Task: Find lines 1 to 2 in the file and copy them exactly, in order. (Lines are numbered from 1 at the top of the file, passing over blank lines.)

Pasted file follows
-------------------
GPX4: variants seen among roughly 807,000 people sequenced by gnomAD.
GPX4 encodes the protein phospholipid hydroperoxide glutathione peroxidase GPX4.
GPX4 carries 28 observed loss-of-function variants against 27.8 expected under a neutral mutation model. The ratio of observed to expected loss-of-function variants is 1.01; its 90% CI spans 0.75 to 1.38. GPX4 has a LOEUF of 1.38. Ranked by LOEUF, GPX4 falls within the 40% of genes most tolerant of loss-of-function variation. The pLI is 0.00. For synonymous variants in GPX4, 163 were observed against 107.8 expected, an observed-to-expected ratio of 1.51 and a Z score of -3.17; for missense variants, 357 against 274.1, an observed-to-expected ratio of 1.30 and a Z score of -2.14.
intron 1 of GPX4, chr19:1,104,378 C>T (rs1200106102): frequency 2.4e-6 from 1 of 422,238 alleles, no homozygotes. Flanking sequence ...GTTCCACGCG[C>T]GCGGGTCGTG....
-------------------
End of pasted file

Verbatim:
GPX4: variants seen among roughly 807,000 people sequenced by gnomAD.
GPX4 encodes the protein phospholipid hydroperoxide glutathione peroxidase GPX4.